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Legal Information: Virginia

Restraining Orders

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Updated: 
December 4, 2020

How do I get my protective order enforced in another state?

Federal law does not require you to take any special steps to get your protective order enforced in another state.

Many states do have laws or regulations (rules) about registering or filing of out-of-state orders, which can make enforcement easier, but a valid protective order is enforceable regardless of whether it has been registered or filed in the new state.1 Rules differ from state to state, so it may be helpful to find out what the rules are in your new state. You can contact a local domestic violence organization for more information by visiting our Advocates and Shelters page and entering your new state in the drop-down menu.

Note: It is important to keep a copy of your protective order with you at all times. It is also a good idea to know the rules of states you will be living in or visiting to ensure that your out-of-state order can be enforced in a timely manner.

 1 18 U.S.C. § 2265(d)(2)

Do I need anything special to get my protective order enforced in another state?

In some states, you will need a certified copy of your protective order. A certified copy says that it is a “true and correct” copy; it is signed and initialed by the clerk of court that gave you the order, and usually has some kind of court stamp on it. In Virginia, if you are given a certified copy at the time your protective order is issued, the order will have the judge’s original signature on it. However, if you need to get another certified copy for any reason, or if you were not given one originally, you can call or go to the courthouse that issued your order. The clerk’s office will be able to help you get a certified copy of your order, which will have a stamp on it from the court clerk’s office. There is no fee to get a certified copy of your order.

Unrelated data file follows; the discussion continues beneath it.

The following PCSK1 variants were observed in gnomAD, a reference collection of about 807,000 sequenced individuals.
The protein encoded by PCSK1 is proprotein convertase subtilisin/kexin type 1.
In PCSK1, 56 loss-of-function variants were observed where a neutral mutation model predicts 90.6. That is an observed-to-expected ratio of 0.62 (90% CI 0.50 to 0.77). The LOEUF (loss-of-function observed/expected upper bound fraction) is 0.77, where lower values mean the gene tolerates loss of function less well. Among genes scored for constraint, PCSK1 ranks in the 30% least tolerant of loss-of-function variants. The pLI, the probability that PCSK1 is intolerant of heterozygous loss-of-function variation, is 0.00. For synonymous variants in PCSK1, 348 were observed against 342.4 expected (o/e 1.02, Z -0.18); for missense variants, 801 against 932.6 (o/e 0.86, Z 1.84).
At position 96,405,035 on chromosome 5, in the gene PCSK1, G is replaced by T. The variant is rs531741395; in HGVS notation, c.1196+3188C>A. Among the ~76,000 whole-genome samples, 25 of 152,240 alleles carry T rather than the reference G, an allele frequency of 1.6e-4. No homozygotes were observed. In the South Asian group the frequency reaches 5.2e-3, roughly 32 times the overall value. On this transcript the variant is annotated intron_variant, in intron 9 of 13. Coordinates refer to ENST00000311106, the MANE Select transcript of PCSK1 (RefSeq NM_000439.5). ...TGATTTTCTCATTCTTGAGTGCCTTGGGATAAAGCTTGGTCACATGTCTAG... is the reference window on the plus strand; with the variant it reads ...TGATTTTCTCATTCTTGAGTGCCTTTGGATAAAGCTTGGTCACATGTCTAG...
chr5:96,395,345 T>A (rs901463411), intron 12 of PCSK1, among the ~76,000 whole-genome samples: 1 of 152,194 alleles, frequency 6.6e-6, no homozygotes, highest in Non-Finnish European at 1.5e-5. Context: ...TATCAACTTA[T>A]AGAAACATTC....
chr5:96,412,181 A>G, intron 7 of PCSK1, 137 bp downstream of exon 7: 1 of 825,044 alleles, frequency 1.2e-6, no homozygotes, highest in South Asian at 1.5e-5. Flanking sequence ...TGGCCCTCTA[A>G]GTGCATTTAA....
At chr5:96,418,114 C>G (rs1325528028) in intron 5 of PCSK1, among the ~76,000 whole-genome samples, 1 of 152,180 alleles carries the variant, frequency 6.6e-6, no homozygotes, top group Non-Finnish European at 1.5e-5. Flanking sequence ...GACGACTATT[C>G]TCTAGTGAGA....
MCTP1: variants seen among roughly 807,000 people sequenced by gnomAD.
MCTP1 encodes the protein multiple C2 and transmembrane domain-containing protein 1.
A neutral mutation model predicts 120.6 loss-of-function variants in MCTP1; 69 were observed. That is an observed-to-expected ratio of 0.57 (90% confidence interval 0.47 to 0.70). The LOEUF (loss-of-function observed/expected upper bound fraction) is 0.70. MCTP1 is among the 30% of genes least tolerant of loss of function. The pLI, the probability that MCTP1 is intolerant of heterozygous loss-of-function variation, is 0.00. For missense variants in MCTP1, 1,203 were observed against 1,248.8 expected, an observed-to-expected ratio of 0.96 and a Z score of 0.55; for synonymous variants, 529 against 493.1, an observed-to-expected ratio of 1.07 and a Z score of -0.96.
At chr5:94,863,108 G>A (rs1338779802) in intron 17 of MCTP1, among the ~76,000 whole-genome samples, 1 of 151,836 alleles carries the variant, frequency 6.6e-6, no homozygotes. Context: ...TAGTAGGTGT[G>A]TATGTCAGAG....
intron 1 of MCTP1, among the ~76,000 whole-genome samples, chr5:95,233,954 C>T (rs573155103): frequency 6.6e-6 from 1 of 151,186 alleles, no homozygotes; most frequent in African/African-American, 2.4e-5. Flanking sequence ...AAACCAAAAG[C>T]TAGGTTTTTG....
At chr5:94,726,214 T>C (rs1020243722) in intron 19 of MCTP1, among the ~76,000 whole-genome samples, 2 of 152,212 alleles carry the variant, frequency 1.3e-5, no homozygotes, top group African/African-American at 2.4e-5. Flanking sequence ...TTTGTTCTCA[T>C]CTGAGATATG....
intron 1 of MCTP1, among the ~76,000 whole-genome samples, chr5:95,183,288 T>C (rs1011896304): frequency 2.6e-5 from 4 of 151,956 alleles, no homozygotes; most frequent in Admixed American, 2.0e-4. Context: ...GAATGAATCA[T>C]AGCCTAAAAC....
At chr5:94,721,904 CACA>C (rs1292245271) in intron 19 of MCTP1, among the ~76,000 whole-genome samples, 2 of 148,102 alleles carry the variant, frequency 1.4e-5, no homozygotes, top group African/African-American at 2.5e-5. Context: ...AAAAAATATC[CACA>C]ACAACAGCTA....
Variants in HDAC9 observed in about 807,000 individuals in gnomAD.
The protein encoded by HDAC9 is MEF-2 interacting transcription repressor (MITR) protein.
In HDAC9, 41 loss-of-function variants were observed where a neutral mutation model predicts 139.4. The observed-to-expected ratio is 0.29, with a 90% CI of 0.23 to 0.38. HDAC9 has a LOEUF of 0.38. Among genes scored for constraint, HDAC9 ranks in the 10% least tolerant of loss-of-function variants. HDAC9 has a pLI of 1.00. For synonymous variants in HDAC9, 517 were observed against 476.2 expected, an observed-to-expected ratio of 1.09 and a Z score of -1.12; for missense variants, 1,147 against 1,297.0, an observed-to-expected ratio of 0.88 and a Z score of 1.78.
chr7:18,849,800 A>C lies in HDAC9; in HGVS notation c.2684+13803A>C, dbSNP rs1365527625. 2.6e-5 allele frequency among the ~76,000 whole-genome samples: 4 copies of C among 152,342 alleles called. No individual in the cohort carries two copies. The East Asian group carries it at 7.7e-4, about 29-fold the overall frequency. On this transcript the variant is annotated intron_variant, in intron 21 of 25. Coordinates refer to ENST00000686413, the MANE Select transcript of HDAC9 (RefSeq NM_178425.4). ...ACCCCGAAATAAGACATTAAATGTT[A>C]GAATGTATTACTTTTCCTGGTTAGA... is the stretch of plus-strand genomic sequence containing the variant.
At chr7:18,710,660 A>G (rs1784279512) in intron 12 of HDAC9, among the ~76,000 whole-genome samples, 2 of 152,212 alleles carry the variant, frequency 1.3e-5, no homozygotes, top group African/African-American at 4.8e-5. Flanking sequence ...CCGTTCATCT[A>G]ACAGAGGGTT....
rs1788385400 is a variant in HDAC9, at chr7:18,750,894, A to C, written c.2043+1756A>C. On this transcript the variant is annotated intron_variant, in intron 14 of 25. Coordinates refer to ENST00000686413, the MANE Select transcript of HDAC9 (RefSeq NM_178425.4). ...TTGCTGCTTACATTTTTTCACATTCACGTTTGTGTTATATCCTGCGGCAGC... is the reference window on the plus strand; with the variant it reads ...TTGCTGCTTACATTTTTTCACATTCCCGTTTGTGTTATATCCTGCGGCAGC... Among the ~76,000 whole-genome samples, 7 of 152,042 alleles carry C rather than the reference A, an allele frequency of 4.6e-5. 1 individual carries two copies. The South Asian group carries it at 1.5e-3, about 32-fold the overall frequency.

Note: It is generally a good idea to keep a copy of the order with you at all times. You may also want to leave copies of the order at your work place, at your home, at the children’s school or daycare, in your car, with a sympathetic neighbor, and so on. You may want to give a copy to the security guard or person at the front desk where you live and/or work along with a photo of the abuser. You may also want to give a copy of the order to anyone who is named in and protected by the order.

Can I get someone to help me? Do I need a lawyer?

You do not need a lawyer to get your protective order enforced in another state.

However, you may want to get help from a local domestic violence advocate or attorney in the state that you move to. A domestic violence advocate can let you know what the advantages and disadvantages are for registering your protective order, and help you through the process if you decide to do so.

To find a domestic violence advocate, go to our Advocates and Shelters page.  To find an attorney in the state you are moving to, go to our Finding a Lawyer page.

Do I need to tell the court in Virginia if I move?

It may be a good idea to give the court that issued your protective order an up-to-date mailing address in case court personnel needs to communicate with you if anything happens to your protective order (for example, if the abuser asks the court to dismiss/modify the order). If you will not be receiving mail at your old address, you may want to provide the court with a new address where you can receive mail. If you feel unsafe giving your new address, you may want to use the address of a friend you trust or a P.O. box instead.